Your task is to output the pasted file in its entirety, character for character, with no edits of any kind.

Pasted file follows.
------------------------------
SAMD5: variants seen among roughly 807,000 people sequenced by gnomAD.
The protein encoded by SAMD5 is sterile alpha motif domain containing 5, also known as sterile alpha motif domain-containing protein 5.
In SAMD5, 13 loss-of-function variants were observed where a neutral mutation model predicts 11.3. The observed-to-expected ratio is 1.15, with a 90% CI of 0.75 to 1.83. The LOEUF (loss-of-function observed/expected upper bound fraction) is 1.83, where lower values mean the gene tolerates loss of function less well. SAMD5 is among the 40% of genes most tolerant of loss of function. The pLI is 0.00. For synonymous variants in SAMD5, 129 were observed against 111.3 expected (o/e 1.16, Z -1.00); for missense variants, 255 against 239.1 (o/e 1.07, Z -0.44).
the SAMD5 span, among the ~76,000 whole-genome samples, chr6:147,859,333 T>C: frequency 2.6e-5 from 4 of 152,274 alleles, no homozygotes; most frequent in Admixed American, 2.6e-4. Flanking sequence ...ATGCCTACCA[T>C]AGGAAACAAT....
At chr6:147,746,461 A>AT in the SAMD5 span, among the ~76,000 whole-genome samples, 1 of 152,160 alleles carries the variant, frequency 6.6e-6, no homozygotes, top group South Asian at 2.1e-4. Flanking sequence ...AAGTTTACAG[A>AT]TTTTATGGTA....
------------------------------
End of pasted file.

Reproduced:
SAMD5: variants seen among roughly 807,000 people sequenced by gnomAD.
The protein encoded by SAMD5 is sterile alpha motif domain containing 5, also known as sterile alpha motif domain-containing protein 5.
In SAMD5, 13 loss-of-function variants were observed where a neutral mutation model predicts 11.3. The observed-to-expected ratio is 1.15, with a 90% CI of 0.75 to 1.83. The LOEUF (loss-of-function observed/expected upper bound fraction) is 1.83, where lower values mean the gene tolerates loss of function less well. SAMD5 is among the 40% of genes most tolerant of loss of function. The pLI is 0.00. For synonymous variants in SAMD5, 129 were observed against 111.3 expected (o/e 1.16, Z -1.00); for missense variants, 255 against 239.1 (o/e 1.07, Z -0.44).
the SAMD5 span, among the ~76,000 whole-genome samples, chr6:147,859,333 T>C: frequency 2.6e-5 from 4 of 152,274 alleles, no homozygotes; most frequent in Admixed American, 2.6e-4. Flanking sequence ...ATGCCTACCA[T>C]AGGAAACAAT....
At chr6:147,746,461 A>AT in the SAMD5 span, among the ~76,000 whole-genome samples, 1 of 152,160 alleles carries the variant, frequency 6.6e-6, no homozygotes, top group South Asian at 2.1e-4. Flanking sequence ...AAGTTTACAG[A>AT]TTTTATGGTA....